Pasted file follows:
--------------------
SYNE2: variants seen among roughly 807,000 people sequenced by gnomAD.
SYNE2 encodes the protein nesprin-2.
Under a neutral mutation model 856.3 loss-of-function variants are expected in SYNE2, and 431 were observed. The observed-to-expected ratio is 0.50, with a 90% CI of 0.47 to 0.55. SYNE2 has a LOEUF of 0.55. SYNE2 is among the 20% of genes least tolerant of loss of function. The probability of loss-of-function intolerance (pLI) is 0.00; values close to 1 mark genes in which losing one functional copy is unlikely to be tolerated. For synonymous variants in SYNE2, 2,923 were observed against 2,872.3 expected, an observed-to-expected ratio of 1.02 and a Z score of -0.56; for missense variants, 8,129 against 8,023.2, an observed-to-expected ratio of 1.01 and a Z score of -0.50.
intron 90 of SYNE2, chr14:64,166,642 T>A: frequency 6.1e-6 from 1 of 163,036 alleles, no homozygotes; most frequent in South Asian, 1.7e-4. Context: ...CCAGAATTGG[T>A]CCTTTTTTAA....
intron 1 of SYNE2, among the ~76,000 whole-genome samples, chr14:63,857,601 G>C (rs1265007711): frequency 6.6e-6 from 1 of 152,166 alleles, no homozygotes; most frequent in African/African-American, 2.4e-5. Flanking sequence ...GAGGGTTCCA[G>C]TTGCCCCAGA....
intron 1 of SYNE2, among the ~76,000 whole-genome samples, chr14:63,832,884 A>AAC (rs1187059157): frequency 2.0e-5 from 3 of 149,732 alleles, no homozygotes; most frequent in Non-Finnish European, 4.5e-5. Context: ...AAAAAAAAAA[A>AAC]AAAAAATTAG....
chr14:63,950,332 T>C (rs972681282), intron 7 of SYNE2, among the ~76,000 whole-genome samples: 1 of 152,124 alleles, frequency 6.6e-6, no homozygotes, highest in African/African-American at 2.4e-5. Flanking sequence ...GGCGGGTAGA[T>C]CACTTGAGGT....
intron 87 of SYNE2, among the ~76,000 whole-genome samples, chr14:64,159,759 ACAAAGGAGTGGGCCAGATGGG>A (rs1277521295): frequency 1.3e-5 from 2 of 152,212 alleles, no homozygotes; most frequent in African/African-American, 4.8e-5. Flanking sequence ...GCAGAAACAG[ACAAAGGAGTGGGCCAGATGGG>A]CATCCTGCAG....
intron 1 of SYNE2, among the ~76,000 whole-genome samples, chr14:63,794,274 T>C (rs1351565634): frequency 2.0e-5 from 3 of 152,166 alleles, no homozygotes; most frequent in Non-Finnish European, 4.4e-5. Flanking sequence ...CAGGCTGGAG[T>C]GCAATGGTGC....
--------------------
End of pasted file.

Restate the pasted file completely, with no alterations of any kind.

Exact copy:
SYNE2: variants seen among roughly 807,000 people sequenced by gnomAD.
SYNE2 encodes the protein nesprin-2.
Under a neutral mutation model 856.3 loss-of-function variants are expected in SYNE2, and 431 were observed. The observed-to-expected ratio is 0.50, with a 90% CI of 0.47 to 0.55. SYNE2 has a LOEUF of 0.55. SYNE2 is among the 20% of genes least tolerant of loss of function. The probability of loss-of-function intolerance (pLI) is 0.00; values close to 1 mark genes in which losing one functional copy is unlikely to be tolerated. For synonymous variants in SYNE2, 2,923 were observed against 2,872.3 expected, an observed-to-expected ratio of 1.02 and a Z score of -0.56; for missense variants, 8,129 against 8,023.2, an observed-to-expected ratio of 1.01 and a Z score of -0.50.
intron 90 of SYNE2, chr14:64,166,642 T>A: frequency 6.1e-6 from 1 of 163,036 alleles, no homozygotes; most frequent in South Asian, 1.7e-4. Context: ...CCAGAATTGG[T>A]CCTTTTTTAA....
intron 1 of SYNE2, among the ~76,000 whole-genome samples, chr14:63,857,601 G>C (rs1265007711): frequency 6.6e-6 from 1 of 152,166 alleles, no homozygotes; most frequent in African/African-American, 2.4e-5. Flanking sequence ...GAGGGTTCCA[G>C]TTGCCCCAGA....
intron 1 of SYNE2, among the ~76,000 whole-genome samples, chr14:63,832,884 A>AAC (rs1187059157): frequency 2.0e-5 from 3 of 149,732 alleles, no homozygotes; most frequent in Non-Finnish European, 4.5e-5. Context: ...AAAAAAAAAA[A>AAC]AAAAAATTAG....
chr14:63,950,332 T>C (rs972681282), intron 7 of SYNE2, among the ~76,000 whole-genome samples: 1 of 152,124 alleles, frequency 6.6e-6, no homozygotes, highest in African/African-American at 2.4e-5. Flanking sequence ...GGCGGGTAGA[T>C]CACTTGAGGT....
intron 87 of SYNE2, among the ~76,000 whole-genome samples, chr14:64,159,759 ACAAAGGAGTGGGCCAGATGGG>A (rs1277521295): frequency 1.3e-5 from 2 of 152,212 alleles, no homozygotes; most frequent in African/African-American, 4.8e-5. Flanking sequence ...GCAGAAACAG[ACAAAGGAGTGGGCCAGATGGG>A]CATCCTGCAG....
intron 1 of SYNE2, among the ~76,000 whole-genome samples, chr14:63,794,274 T>C (rs1351565634): frequency 2.0e-5 from 3 of 152,166 alleles, no homozygotes; most frequent in Non-Finnish European, 4.4e-5. Flanking sequence ...CAGGCTGGAG[T>C]GCAATGGTGC....